As a follow up to yesterday’s post, I wanted to share the specific projects the guests at our holiday crafting party were able to make and take home.
We set up three different “stations” based on the themes of paper, moss and nature, offering a couple of different crafts at each one. What I like most about the projects is that almost all of them could also be used throughout the year. Here’s what we made:
(Yes, we tore up books for these projects. If it makes you feel better, they weren’t very good ones…)
The book page trees were one of the easiest crafts we did. (And, I think they have a fun Anthropologie vibe.) We pre-painted two sizes of terra cotta pots with spray chalkboard paint, and provided skewers in two lengths. (I just bought inexpensive dowel rods, cut them to length and used a pencil sharpener on each end.)
Once I was ready to start stacking the book pages, I first used pages torn in half, then torn in thirds, in fourths, etc., working my way to the top. (We didn’t pre-cut anything.) Older books work great because the pages almost fall apart when you fold them.
This is a super easy project for kids, too. (Unless they try to stab each other with the skewers. . .) Of course, they also think it’s fun to be able to tear up a book without getting in trouble.
We also made book page wreaths. Simple? Yes. Time-consuming? Double yes. But, it’s a great craft if you’ve got a friend to do it with, time to work on it and lots of glue sticks. We just used straw wreaths (with the plastic still on) and rolled each page into a cone, hot gluing them to the wreath in layers.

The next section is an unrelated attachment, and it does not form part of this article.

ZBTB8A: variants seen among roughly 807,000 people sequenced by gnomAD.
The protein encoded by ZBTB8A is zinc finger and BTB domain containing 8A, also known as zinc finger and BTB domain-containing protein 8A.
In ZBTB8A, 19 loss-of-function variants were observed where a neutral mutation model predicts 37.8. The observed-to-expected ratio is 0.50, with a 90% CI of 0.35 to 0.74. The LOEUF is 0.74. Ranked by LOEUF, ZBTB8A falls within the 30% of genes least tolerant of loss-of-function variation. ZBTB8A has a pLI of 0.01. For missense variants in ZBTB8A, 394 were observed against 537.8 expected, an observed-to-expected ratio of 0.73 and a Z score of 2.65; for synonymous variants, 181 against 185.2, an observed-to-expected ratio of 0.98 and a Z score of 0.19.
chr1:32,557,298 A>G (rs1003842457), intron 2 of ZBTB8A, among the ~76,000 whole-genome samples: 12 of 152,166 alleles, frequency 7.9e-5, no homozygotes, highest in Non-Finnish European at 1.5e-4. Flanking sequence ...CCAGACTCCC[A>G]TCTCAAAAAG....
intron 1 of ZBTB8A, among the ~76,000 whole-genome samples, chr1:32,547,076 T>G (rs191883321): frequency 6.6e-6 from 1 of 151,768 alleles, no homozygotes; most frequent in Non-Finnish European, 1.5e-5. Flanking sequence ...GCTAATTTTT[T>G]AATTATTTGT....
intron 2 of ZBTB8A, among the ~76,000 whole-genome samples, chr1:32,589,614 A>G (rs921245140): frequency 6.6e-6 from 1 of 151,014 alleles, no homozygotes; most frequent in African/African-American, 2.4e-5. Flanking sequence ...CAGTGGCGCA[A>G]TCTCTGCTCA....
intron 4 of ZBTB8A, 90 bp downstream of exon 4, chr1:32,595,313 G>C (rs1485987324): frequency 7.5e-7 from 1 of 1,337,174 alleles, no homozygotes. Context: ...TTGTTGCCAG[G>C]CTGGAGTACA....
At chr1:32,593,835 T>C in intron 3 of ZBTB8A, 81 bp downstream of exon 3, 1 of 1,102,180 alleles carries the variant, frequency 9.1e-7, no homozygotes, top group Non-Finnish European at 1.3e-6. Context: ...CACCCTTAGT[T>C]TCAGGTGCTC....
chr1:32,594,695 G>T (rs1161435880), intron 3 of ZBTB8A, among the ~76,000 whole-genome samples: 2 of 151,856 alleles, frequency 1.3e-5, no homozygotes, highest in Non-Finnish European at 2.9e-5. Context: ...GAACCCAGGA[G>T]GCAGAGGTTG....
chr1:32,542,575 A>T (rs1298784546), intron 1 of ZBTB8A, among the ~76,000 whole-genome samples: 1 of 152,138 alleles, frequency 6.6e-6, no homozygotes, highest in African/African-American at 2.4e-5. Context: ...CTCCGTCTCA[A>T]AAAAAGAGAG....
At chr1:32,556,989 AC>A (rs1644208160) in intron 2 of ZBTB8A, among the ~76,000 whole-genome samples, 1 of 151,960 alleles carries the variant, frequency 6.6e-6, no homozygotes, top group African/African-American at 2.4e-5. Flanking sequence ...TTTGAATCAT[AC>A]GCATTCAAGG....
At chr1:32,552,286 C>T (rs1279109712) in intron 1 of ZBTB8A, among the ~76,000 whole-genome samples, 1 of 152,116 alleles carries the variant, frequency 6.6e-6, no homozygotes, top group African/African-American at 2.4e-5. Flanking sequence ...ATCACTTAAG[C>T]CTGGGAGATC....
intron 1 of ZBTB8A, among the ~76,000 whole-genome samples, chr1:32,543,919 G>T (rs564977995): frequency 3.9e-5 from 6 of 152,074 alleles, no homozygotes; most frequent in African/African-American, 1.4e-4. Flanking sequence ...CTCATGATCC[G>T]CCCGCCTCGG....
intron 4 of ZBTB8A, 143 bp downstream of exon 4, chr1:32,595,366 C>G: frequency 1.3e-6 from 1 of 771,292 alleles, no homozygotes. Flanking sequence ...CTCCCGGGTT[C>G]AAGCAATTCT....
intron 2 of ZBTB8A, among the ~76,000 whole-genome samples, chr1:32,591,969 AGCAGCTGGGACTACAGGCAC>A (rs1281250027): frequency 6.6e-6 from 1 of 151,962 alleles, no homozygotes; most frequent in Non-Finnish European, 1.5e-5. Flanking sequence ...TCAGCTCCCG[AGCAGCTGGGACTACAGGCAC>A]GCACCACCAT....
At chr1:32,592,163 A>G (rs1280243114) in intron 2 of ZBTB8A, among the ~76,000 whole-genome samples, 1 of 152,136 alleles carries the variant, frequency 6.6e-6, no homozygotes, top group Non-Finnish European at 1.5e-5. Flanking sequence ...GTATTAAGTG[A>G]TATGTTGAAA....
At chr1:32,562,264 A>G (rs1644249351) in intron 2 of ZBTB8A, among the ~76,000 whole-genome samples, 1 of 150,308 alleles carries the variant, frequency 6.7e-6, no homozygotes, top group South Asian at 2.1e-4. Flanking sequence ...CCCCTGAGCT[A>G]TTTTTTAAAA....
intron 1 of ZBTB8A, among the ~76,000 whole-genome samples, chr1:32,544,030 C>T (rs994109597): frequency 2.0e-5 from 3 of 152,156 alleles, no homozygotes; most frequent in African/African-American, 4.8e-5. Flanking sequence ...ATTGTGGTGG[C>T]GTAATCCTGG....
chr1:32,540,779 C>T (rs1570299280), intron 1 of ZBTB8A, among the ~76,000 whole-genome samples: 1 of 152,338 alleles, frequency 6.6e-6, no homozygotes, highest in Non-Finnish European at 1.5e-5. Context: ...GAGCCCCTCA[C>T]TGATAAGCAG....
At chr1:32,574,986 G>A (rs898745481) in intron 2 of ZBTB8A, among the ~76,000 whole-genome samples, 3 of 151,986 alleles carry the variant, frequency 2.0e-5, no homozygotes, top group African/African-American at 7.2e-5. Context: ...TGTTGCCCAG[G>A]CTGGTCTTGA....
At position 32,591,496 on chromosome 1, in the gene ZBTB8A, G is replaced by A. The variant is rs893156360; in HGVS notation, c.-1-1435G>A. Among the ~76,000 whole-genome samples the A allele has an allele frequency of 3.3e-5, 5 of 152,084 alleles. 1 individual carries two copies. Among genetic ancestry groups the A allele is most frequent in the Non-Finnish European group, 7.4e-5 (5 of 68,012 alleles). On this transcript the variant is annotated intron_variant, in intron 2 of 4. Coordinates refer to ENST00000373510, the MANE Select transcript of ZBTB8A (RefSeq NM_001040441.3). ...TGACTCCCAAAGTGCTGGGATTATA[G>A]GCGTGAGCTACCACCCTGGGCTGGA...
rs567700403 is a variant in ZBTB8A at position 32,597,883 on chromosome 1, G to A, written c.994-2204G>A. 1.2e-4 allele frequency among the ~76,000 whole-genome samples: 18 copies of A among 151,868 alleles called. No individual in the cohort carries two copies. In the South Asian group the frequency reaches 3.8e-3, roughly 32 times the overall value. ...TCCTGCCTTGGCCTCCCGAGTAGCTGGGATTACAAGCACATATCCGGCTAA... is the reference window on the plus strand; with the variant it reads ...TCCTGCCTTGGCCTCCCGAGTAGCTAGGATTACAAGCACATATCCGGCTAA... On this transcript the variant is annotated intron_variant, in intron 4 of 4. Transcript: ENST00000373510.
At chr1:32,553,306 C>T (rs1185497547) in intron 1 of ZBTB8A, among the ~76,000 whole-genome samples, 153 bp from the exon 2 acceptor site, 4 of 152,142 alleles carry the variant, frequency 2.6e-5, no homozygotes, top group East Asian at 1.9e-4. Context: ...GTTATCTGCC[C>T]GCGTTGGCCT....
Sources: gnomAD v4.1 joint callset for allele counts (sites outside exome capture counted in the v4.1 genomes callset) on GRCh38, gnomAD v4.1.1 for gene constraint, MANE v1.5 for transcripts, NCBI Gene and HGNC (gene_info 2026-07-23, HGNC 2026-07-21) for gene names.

I found that it was easiest to start by turning the wreath over, hot gluing two layers of longer book pages to the back. Then, I flipped it over and glued shorter pages to the front in layers. It may look a mess while you’re doing it, but you really can’t mess it up.
Mine is now hanging on the front of the bookcases in our office:
At this station, everyone did their own thing, with the option of making a moss-covered wreath, trees, or topiaries. Here’s what we supplied:
- Styrofoam wreath, ball and tree forms
- A variety of pots and small urns
- A mixture of moss
- Embellishments like faux fruit and glittery styrofoam balls
- Rubb ‘n' Buff (to decorate the plain terracotta pots)
- Hot glue guns
Since some of the other crafts took more time, we wanted to offer a station where they could quickly put together another project to take home. For the “nature” station, we supplied several driftwood pieces, succulents, air plants, pinecones and hot glue guns.
These make great centerpieces or accessories to set on a coffee table. Here’s a similar one I did and dressed up for our holiday table:
What holiday crafts are you planning to make this year?